125 [link to original Greek text] The various distinctions of flavors are quite numerous, according to Apollonius, but the there are nine principal types: sweet, bitter, sharp [i.e., acidic], pungent, brinchos5, harsh/astringent, slimy [?],6 severe/rugged,7 and salty. Hence also in this ninth month the Romans would pray for good health.

126 [link to original Greek text]  p160 On the eighth day before the Ides of September,8 Eudoxius indicates that the Horse [i.e., the constellation Pegasus] sets, and the West — or Bright — Wind blows.

127 [link to original Greek text] We know that on cabbage a kind of "worm" grows, called "Curvy" [i.e., the caterpillar]. This animal, when the cabbage dries out in the spring, naturally turns into a winged "worm" like an ant, and somewhat larger, supported by white triangular wings; and it flies around in gardens in a way that is low to the ground and makes it easy to catch it. And it turns out that this sort of "worm" is called "Psychê" [i.e., the butterfly, lit. "soul"].9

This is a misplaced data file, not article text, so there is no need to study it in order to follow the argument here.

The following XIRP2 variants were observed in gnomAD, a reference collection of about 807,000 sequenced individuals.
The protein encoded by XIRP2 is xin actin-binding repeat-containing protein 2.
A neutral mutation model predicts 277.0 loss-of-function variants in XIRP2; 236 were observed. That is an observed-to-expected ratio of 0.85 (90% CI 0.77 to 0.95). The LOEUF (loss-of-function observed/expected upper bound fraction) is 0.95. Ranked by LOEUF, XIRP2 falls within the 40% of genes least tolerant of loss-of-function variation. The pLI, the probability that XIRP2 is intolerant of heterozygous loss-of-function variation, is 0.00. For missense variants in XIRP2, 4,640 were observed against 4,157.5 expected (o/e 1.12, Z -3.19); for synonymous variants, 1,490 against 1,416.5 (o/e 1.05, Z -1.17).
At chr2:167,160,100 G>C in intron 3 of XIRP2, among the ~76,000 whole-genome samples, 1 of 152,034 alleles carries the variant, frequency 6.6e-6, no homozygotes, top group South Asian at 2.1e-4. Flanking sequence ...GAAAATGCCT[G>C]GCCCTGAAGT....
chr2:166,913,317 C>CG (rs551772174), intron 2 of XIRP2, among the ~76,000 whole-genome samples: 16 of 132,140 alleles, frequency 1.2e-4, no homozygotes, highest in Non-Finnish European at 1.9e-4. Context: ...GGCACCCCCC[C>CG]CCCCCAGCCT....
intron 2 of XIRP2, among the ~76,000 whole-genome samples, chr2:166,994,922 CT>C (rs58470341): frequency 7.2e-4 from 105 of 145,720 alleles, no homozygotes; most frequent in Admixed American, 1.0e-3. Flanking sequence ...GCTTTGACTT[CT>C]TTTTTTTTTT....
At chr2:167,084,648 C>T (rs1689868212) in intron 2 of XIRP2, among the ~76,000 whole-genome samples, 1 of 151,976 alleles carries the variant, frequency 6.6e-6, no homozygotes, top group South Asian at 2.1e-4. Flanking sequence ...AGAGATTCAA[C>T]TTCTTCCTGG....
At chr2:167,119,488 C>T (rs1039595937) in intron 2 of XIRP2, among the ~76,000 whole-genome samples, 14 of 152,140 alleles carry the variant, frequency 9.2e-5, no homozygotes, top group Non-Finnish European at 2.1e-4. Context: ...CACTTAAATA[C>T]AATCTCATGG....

128 [link to original Greek text] On the 18th day before the Kalends of October,10 Dositheus indicates that Arcturus rises. On the 12th day before the Kalends of October, Caesar says that the swallows leave.

129 [link to original Greek text] . . . of Nicomedes the tyrant of Bithynia.

130 [link to original Greek text] When there has been an excess of fire, a fever occurs; when air [has been excessive], a quotidian fever; when water, a tertian fever, when earth, a quartan fever. And shivering tends to be the first stage of [all] these. For whenever the aforementioned fluids are made thick by the cold — since this is a characteristic of both water and earth — at that time, as they travel through the pores they are not able to expel the thicker substances, but come into locations of these and produce a compression and crushing action; this of  p161 necessity causes turmoil and quaking — which experience is called "trembling and cold."